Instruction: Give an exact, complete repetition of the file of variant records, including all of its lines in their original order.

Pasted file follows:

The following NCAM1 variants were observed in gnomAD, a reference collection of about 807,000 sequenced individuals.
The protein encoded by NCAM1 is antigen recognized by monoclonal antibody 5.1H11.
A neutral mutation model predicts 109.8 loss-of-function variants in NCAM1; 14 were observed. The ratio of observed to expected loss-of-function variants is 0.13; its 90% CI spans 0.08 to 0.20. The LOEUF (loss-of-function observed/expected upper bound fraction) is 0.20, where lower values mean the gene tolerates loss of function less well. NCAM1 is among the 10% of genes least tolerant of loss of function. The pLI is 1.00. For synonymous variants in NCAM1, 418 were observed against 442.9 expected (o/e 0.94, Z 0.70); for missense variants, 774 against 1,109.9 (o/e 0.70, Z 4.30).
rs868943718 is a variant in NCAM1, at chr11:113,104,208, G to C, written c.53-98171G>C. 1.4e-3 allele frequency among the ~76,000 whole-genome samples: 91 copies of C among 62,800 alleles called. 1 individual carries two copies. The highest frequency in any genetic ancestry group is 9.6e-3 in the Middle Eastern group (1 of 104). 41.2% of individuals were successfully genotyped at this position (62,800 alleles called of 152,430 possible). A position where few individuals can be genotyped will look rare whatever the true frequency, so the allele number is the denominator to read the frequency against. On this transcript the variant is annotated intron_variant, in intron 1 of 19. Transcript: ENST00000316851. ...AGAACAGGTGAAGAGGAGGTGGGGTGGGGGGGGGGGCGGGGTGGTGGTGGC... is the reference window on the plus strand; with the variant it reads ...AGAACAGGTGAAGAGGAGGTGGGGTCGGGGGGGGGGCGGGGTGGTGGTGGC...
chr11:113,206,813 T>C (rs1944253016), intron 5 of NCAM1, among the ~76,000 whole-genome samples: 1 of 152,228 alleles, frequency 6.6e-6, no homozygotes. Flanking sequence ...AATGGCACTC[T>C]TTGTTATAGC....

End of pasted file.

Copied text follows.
The following NCAM1 variants were observed in gnomAD, a reference collection of about 807,000 sequenced individuals.
The protein encoded by NCAM1 is antigen recognized by monoclonal antibody 5.1H11.
A neutral mutation model predicts 109.8 loss-of-function variants in NCAM1; 14 were observed. The ratio of observed to expected loss-of-function variants is 0.13; its 90% CI spans 0.08 to 0.20. The LOEUF (loss-of-function observed/expected upper bound fraction) is 0.20, where lower values mean the gene tolerates loss of function less well. NCAM1 is among the 10% of genes least tolerant of loss of function. The pLI is 1.00. For synonymous variants in NCAM1, 418 were observed against 442.9 expected (o/e 0.94, Z 0.70); for missense variants, 774 against 1,109.9 (o/e 0.70, Z 4.30).
rs868943718 is a variant in NCAM1, at chr11:113,104,208, G to C, written c.53-98171G>C. 1.4e-3 allele frequency among the ~76,000 whole-genome samples: 91 copies of C among 62,800 alleles called. 1 individual carries two copies. The highest frequency in any genetic ancestry group is 9.6e-3 in the Middle Eastern group (1 of 104). 41.2% of individuals were successfully genotyped at this position (62,800 alleles called of 152,430 possible). A position where few individuals can be genotyped will look rare whatever the true frequency, so the allele number is the denominator to read the frequency against. On this transcript the variant is annotated intron_variant, in intron 1 of 19. Transcript: ENST00000316851. ...AGAACAGGTGAAGAGGAGGTGGGGTGGGGGGGGGGGCGGGGTGGTGGTGGC... is the reference window on the plus strand; with the variant it reads ...AGAACAGGTGAAGAGGAGGTGGGGTCGGGGGGGGGGCGGGGTGGTGGTGGC...
chr11:113,206,813 T>C (rs1944253016), intron 5 of NCAM1, among the ~76,000 whole-genome samples: 1 of 152,228 alleles, frequency 6.6e-6, no homozygotes. Flanking sequence ...AATGGCACTC[T>C]TTGTTATAGC....